Abstract: This project touches upon biodemography, ecology and evolution, functional data analysis, and survival analysis.  There are several possible projects, including the study of large samples of cohort lifetables. 

Prerequisites: Matlab, R, STA 131B, 135 or STA 141A.

Project 3: Network Data Visualization with Linear Algebra

Faculty Mentor(s): Professor James Sharpnack (Statistics)

Abstract: Network data has become increasingly prevalent with the rise of online social networks, modern biomedical technologies, smart city initiatives, and massive sensor networks.  Due to their abstract mathematical nature, networks do not immediately admit a natural visualization technique.  We will explore how eigenvectors of various graph based matrices can be used to visualize vertices of the network, and how this can be used to learn underlying manifold structure in high-dimensional data.  This project will emphasize exploratory tools for understanding networks, and we will look at specific examples of network data.

Prerequisites: MAT 22A

Data link: 

Sample publications: 

Project 4: Processing and analyzing data from the Human Connectome Project

Faculty Mentor(s): Professor Jie Peng (Statistics), Professor Debashis Paul (Statistics)

Abstract: In this project, we will look into various aspects magnetic resonance imaging of human brain. Specifically, we aim to make use of  data from the  Human Connectome Project (HCP). The project involves various steps for data handling including accessing, processing, visualizing data and analyzing the data. We will focus on learning default mode functional connectivity networks using resting state functional MRI data. 

Prerequisites: The students are expected to be familiar with at least one software language (R or Matlab), be capable of learning how to use specific neuroimaging software,  and  be familiar with matrix algebra and  regression analysis. Knowledge of time series analysis (STA137) and multivariate statistics (STA135) are preferred though not required. 

Project 5: Where do we get data from and what can we do with it?

Faculty Mentor(s): Professor Christiana Drake (Statistics)

Abstract: Statisticians and data analysts get data from many sources. In agriculture, investigators often conduct experiments. Studies involving humans are more complicated. Clinical trials are used to assess the efficacy of new drugs. These studies are mostly randomized trials. Epidemiologists and public health workers often study potentially harmful substances and studies are observational in nature. Biologists, also, often have to rely on observational studies to investigate biological processes in the progression of diseases. Nutritionists use randomized studies or observational studies to assess interventions in nutritional behaviors and sample surveys to find out what people are eating. All these studies have one thing in common. The data always have problems. Missing data are a big concern. The format of the data is often not suitable for statistical analysis and reformatting and checking for accuracy can be very time consuming. We will study these issues using data sets collected for various reasons and preparing them for statistical analysis. We will use excel, SAS and R as needed.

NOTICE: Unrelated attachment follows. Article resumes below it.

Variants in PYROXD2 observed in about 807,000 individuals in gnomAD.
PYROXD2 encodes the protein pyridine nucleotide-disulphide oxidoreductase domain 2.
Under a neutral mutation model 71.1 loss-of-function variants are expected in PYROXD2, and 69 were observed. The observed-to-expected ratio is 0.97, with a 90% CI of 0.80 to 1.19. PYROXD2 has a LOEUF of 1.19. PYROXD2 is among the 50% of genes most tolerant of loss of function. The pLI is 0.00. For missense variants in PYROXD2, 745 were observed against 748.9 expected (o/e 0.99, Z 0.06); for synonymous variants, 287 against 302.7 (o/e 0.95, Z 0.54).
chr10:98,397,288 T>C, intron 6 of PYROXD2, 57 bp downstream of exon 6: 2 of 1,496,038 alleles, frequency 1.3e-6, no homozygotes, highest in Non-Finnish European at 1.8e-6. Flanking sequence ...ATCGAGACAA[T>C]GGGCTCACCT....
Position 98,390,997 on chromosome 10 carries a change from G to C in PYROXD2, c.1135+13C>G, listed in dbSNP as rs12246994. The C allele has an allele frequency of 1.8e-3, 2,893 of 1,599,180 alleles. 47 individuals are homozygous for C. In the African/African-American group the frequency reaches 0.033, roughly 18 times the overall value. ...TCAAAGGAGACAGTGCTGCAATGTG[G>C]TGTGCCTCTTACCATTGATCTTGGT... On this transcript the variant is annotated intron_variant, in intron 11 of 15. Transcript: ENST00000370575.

Project 6:  Exploration of classification methods: SVM, kNN, and KDE

Faculty Mentor(s): Professor Xiaodong Li (Statistics)

Abstract: Classification is a very important methodology in statistics, machine learning and data science. In this project we will study three popular classification methods: Support Vector Machines (SVM), k-nearest neighbor classifiers (kNN), and classification via kernel density estimation (KDE). The goal of this project is to understand these methods on a conceptual level, and to explore their practical behavior by applying them to various data sets (using R). The outcome of this project will be a Wiki page (see describing the three classification methods. 

Project 7: Analysis and visualization of data from a social website for sharing music and memories

Faculty Mentor(s): Petr Janata (Center for Mind and Brain; Department of Psychology)

Abstract: The aim of this project is to analyze and display data that are being collected on a social website called MEAMCentral, a place where people can associate memories with music.  Depending on the interests of the project team, analyses that can be performed include: user interactions with the website, natural language processing of memory content, and music similarity based on associated memories or meta-information about the music. Music and memory data are stored in a graph database that can be retrieved using SPARQL or PROLOG queries. Analyses may be written in R and/or Python, and results should be visualized via web browser using the D3 JavaScript library.

Prerequisites:  Skills include facility with GitHub and R. Some prior experience with database querying, e.g. using SQL or SPARQL, Python, and D3 or JavaScript would be helpful.


Python Course

In addition, two of the graduate students in the RTG, Nick Ulle and Clark Fitzgerald, taught a successful course in "Python for Data Mining", which had almost 100 participants.  This course was taught under the supervision of Professor Duncan Temple Lang and was co-sponsored by the UC Davis Data Science Initiative.

Course material:

Link to lectures:

Graduate Training

The activities will address:

  •     tools for statistical research involving objects and geometry: two quarter training activity in form of a combination of discussion style instructions, group projects and presentations;
  •     enhancement of other professional skills, including scientific writing, presentation style, teaching and mentoring skills, advanced literature search.
  •    For more information, please contact Professor Wolfgang Polonik ( details to be added;Postdoctoral trainingMuch of the postdocs’ activities will consist in conducting research either independently or in collaboration with other researchers in the group on topics related to the theme of the training grant, to build up a scientific network, and to develop other professional skills that are necessary for a successful career in the Mathematical Sciences. The group members will assist, guide and mentor the postdocs in this process through appropriate interactions that will be adapted to the individual needs of the postdocs and to the different phases of their development. Particular emphasis will be given to the choice of a cutting edge research topic. The ultimate goal is
  •     to train a postdoc to have strong professional skills and expertise in modern Statistics involving objects, geometry and computing, and having these strengths demonstrated by a strong record.

For more information, please contact Professor Wolfgang Polonik (, or download the RTG Flier (grad program).